JOURNALIST: [inaudible] unwise?

DOWNER: I think they’re unwise not to have attended the meeting. I think that is unwise.

JOURNALIST: Do you acknowledge though that there are problems [inaudible] that the Solomon Islands government feels so out of the loop on it?

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DOWNER: No I don’t actually. I think you should talk to a wider range of people in the Solomon Islands to get a better perspective. I don’t think, you know, somebody like the Attorney General, so called Attorney General of the Solomon Islands, Mr Moti, is someone I would take advice from to be honest with you. He’s somebody who’s wanted on child-sex charges in Australia. He’s somebody who should be before a court in Australia. He’s an Australian citizen. Any advice we might be getting from him or advice he might be giving to others isn’t really a matter of great interest to us and we don’t take it terribly seriously.

JOURNALIST: But surely the Prime Minister himself has some standing in the matter?

DOWNER: Well has standing in the matter but so does the Cabinet, so does the Parliament, and so do the people of the Solomon Islands. I’ll tell you this - the vast majority of the people in the Solomon Islands, over 90% in a recent survey, support RAMSI and the work that RAMSI is doing. And I think on a day to day basis RAMSI has been going extremely well. I’ll tell you this - I think for the people of the Solomon Islands, the greatest thing that RAMSI gives them is security. It gives them security that they didn’t have before 2003 when RAMSI came in and they don’t want to lose that security and that’s understandable. It also has made a major contribution in many respects to improving the quality of governance in Solomon Islands. You’ve seen significant increase in Solomon Islands GDP, much better quality public administration since the RAMSI operation was launched. It’s been a great thing. Sure it’s criticised by Mr Moti, Mr Oti, and Mr Sogavare on a pretty regular basis, I accept that. But I don’t think most people share their view, most people in the Solomon Islands share their views.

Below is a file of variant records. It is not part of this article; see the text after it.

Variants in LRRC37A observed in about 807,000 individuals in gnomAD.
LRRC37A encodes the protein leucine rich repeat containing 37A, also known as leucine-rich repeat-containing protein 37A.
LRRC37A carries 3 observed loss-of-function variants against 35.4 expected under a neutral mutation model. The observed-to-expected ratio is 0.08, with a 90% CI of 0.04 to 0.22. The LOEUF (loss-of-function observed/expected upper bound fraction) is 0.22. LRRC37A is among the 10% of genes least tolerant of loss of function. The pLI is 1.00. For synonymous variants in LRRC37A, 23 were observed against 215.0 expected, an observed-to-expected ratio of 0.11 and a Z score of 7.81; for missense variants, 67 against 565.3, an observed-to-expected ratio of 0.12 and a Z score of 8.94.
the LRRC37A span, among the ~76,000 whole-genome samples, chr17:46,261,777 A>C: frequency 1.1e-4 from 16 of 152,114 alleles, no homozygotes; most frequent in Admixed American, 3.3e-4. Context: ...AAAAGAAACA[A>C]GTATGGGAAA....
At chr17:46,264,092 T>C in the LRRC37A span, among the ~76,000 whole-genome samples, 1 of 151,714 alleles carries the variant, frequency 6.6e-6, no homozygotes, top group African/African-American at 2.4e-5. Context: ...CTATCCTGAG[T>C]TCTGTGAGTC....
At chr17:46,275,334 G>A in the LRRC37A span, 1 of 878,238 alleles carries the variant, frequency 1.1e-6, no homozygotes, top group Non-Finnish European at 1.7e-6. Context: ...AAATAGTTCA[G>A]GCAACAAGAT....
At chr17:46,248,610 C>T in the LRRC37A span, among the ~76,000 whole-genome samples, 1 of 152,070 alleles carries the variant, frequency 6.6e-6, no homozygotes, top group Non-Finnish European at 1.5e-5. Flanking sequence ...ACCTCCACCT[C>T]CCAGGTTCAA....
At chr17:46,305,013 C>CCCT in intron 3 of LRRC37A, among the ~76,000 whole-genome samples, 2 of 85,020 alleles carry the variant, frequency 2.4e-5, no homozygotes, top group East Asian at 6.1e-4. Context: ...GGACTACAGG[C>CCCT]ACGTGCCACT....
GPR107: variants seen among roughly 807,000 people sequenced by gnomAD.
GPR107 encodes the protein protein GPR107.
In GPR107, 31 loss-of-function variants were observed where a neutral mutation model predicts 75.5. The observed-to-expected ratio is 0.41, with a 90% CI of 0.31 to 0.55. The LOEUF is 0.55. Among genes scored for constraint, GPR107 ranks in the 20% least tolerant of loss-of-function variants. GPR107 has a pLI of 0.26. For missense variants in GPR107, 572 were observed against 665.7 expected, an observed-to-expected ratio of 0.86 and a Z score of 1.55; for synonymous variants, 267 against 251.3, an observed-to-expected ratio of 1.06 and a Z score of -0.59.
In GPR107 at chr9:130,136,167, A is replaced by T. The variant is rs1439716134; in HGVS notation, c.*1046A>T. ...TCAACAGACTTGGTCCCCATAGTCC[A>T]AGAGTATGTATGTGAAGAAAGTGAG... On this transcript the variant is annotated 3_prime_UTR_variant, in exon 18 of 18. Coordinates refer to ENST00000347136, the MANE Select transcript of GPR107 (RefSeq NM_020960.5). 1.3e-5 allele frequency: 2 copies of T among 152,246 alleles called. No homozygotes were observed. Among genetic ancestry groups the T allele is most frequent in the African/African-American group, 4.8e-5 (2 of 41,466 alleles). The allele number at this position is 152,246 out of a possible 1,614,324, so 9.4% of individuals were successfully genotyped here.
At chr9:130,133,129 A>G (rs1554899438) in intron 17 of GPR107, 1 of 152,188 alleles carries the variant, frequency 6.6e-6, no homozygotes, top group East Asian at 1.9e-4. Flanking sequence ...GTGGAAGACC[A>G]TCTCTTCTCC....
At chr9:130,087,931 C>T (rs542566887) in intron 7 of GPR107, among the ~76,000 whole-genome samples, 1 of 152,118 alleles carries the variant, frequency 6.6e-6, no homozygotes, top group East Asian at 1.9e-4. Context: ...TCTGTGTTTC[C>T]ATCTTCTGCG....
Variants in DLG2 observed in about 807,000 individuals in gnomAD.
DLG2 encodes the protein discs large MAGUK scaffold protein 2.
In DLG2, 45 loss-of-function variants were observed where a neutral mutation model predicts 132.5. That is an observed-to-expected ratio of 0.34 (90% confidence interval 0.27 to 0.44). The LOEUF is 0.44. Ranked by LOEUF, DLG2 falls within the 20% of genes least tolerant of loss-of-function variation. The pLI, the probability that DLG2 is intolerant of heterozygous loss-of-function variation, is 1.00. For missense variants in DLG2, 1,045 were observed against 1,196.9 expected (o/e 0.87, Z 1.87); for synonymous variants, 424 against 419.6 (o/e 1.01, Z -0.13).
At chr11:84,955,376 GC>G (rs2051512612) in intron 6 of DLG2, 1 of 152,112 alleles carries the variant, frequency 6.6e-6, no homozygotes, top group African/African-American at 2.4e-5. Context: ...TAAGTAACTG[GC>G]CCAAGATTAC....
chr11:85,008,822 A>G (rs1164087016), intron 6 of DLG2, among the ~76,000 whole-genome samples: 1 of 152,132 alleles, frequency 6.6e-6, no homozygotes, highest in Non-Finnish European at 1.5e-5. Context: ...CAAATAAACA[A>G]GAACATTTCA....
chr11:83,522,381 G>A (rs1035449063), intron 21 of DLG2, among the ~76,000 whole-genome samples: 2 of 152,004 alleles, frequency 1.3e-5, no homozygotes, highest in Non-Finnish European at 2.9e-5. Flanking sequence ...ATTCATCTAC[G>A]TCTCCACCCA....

JOURNALIST: Mr Downer, does Australia have plans to draw down its troops in East Timor and could we see those troops heading off to Afghanistan?